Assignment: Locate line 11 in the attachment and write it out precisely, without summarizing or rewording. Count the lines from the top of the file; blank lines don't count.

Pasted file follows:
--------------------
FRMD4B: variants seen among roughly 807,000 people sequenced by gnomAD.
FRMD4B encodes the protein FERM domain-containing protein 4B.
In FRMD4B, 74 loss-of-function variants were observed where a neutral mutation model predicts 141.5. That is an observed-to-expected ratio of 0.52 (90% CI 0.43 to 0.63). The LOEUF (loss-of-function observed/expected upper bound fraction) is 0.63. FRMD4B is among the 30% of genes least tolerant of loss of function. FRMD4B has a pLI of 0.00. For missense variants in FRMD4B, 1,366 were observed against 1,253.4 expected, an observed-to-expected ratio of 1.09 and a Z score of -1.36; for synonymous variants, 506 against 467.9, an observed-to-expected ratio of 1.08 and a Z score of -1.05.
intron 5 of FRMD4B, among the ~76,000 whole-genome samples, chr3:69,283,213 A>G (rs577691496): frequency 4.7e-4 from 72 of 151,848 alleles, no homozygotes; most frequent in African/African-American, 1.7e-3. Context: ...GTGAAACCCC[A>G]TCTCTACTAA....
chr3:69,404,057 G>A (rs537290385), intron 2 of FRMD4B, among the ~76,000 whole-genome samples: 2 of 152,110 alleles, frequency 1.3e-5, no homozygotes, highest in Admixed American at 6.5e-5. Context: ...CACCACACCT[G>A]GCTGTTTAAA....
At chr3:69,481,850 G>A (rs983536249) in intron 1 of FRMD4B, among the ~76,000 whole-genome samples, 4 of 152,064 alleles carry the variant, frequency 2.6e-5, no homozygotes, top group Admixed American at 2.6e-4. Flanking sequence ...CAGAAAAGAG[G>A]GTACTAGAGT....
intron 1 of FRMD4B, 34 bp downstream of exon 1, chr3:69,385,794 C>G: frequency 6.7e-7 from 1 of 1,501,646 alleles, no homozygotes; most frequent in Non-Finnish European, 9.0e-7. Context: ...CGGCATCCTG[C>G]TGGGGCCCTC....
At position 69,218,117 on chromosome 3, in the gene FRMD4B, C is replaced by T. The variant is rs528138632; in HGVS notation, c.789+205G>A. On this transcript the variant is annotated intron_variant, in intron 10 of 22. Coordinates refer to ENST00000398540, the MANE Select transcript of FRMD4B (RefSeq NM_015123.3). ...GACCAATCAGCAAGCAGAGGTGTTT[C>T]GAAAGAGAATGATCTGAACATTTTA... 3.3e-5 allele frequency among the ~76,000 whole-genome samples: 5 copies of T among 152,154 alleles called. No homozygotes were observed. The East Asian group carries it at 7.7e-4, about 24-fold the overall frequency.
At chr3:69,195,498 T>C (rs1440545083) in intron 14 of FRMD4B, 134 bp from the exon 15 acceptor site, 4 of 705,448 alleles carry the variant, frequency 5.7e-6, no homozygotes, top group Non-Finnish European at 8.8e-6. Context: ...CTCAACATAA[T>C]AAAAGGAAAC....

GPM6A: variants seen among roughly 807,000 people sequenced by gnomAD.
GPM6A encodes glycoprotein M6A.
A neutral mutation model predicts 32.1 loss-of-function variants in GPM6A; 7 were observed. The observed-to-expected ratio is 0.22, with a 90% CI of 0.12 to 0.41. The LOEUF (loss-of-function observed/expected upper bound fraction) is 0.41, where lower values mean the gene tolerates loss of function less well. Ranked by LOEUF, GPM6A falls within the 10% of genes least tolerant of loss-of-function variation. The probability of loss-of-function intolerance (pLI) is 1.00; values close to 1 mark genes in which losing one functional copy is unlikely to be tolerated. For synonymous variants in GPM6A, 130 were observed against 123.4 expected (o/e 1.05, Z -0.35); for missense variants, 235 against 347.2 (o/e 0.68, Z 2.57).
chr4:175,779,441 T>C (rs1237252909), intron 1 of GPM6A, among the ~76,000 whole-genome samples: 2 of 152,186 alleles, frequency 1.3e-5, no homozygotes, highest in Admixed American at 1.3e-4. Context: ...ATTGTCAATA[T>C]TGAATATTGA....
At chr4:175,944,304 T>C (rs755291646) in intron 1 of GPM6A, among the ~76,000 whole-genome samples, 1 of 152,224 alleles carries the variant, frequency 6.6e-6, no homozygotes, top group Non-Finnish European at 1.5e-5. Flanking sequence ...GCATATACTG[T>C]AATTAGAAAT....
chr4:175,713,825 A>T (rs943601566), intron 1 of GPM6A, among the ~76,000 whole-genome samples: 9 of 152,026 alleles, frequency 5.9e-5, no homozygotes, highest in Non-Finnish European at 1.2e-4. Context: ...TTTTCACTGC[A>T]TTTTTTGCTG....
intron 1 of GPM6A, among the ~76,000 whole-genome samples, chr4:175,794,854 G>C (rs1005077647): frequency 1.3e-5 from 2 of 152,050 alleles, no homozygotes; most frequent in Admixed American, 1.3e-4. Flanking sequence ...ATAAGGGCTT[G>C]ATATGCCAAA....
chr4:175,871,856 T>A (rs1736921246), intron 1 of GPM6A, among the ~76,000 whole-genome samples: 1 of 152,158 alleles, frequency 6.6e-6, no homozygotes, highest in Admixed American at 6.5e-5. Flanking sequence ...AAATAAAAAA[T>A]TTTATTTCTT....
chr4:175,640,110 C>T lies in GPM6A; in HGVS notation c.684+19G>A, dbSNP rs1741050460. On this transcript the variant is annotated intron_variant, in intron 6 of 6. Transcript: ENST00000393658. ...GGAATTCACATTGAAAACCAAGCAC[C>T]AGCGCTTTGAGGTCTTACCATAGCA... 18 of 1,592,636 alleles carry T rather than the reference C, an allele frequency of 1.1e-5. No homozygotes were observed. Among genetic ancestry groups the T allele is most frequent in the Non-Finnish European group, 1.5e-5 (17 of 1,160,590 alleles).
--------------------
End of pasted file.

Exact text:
GPM6A encodes glycoprotein M6A.